There has been a breakdown in contact between the generations. I recently visited Spain to find out why it scored so highly in the UNICEF report alongside the Scandinavians, the goody-goodies who are always at the top of these charts. One of the reasons why the Spanish do so well is that adults have an easier relationship with children. Parents trust other adults and are more willing to let their children play outside unsupervised.
But in Britain, children find it harder to go outdoors.
Children need to play games and take risks. If we do not allow risk in adventure activities which are supervised, children will end up getting involved in much more dangerous activities that aren't supervised at all. Children need to learn to deal with risk if we are to keep them out of real danger. This is why David Cameron's proposal for a National Citizen Service has struck such a chord.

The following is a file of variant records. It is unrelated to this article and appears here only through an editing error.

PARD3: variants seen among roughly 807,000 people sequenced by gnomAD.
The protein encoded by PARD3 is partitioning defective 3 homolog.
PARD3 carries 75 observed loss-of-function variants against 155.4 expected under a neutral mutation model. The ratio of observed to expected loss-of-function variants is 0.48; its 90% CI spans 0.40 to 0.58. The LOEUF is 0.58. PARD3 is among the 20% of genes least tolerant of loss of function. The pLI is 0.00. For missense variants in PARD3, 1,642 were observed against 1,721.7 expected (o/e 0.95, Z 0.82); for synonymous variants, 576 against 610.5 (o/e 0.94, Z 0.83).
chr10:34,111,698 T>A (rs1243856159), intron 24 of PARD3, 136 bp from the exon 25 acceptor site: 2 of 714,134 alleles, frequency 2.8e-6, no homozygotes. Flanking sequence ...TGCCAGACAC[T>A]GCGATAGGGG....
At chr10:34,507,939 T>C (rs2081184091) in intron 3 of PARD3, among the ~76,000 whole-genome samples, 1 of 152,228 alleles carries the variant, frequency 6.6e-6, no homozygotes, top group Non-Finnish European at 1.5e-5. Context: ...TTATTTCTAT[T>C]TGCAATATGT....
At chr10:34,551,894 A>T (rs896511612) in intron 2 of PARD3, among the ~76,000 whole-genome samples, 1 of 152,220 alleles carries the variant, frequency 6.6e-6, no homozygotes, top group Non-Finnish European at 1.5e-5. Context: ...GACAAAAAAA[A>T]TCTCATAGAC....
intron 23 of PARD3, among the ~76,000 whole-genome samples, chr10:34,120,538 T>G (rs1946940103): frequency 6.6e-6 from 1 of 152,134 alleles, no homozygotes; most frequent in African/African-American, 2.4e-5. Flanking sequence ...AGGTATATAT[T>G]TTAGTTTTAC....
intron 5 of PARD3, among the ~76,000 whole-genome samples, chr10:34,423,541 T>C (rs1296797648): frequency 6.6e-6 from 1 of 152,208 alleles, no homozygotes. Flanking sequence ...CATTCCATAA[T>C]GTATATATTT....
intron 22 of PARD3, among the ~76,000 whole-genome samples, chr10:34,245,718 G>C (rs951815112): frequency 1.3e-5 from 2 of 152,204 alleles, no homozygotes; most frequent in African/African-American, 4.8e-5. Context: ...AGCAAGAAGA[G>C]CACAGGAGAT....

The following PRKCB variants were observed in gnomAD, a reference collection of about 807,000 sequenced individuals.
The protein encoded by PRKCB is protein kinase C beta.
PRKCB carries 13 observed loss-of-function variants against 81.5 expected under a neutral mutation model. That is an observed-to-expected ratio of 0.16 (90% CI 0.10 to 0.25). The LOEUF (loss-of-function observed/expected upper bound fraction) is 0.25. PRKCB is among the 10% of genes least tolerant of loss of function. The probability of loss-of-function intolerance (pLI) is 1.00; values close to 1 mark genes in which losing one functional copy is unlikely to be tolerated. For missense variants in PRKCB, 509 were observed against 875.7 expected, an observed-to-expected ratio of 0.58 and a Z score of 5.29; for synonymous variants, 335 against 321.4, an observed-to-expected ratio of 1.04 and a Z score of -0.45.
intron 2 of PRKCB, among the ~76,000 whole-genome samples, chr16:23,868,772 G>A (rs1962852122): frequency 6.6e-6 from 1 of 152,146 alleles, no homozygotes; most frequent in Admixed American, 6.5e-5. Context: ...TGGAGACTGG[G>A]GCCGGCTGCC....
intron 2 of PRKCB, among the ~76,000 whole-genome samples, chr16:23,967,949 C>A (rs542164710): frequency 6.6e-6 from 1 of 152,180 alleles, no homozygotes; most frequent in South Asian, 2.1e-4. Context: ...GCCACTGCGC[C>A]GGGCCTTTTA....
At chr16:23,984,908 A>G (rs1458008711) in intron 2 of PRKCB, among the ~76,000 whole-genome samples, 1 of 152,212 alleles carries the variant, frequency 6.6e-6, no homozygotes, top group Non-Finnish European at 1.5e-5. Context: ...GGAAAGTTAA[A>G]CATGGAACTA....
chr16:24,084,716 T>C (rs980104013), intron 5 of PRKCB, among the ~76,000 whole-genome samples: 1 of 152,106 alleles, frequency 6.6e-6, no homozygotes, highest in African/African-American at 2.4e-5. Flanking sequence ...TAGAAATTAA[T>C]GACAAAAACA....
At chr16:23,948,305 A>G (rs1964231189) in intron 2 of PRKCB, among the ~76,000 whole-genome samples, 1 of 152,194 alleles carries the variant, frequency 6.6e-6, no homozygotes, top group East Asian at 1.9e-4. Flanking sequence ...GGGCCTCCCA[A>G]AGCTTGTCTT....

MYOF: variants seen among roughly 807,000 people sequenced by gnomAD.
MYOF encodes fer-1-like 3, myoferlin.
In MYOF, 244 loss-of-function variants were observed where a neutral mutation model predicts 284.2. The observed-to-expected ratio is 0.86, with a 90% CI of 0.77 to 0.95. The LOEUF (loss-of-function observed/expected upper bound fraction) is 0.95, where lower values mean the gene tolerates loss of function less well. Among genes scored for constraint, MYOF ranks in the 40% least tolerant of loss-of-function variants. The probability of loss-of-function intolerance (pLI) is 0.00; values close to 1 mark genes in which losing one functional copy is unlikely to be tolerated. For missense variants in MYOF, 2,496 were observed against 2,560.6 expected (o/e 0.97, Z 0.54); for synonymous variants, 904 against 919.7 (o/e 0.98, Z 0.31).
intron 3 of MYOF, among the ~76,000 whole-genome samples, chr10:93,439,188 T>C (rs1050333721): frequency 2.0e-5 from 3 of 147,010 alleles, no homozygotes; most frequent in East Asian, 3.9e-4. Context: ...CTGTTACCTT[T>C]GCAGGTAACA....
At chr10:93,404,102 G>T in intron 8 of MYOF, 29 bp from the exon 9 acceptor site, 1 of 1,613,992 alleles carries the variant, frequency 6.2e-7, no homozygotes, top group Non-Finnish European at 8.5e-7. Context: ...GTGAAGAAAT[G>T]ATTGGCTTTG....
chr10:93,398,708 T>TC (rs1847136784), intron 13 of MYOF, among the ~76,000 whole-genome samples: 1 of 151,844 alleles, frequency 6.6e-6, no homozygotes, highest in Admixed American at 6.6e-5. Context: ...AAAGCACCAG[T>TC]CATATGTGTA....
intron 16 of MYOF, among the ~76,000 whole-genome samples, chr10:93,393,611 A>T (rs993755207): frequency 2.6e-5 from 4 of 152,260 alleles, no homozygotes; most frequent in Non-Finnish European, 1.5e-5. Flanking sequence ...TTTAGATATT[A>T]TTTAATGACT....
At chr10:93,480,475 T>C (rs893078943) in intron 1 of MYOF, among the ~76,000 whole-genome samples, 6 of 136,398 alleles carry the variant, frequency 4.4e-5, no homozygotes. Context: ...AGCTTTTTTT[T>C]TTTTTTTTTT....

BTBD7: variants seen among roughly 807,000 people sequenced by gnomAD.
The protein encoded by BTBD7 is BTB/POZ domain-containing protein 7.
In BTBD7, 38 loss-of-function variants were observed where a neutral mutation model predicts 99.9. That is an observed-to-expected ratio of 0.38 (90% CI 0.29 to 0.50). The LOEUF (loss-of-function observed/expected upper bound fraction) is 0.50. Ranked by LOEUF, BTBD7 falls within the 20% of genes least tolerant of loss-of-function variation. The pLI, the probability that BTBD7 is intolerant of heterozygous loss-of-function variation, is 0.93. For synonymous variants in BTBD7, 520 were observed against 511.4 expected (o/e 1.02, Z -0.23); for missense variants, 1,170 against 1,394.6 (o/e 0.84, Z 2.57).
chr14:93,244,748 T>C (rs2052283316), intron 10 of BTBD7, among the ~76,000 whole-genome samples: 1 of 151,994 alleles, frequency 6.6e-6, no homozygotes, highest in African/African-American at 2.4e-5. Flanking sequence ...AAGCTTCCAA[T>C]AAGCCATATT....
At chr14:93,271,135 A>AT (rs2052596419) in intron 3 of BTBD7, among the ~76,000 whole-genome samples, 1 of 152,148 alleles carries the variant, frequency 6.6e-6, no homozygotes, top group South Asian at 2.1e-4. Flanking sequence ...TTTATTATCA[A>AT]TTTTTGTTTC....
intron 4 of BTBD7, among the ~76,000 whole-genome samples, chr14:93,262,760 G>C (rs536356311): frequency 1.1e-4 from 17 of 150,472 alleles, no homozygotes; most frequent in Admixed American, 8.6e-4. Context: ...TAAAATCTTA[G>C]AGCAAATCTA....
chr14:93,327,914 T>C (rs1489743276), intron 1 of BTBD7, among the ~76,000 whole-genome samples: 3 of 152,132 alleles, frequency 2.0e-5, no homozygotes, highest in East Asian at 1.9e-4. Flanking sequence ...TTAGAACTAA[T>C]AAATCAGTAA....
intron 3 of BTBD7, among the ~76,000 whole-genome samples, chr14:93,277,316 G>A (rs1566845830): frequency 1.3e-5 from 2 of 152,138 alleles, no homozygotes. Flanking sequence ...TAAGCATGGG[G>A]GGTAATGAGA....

However, teachers, volunteers and sports coaches avoid creating these opportunities because they fear being sued or prosecuted if there is an accident, however sensibly they have behaved. We have a problem with fear of litigation; the real damage done by the 'compensation culture'. We have all heard about schools which have banned conkers unless children wear safety goggles. The school which banned daisy-chains because they are unhygienic. The council which banned backstroke in its swimming pool to avoid collisions. But there is a right to childhood. Children should be able to enjoy a world of conkers, yo-yos and snowballs.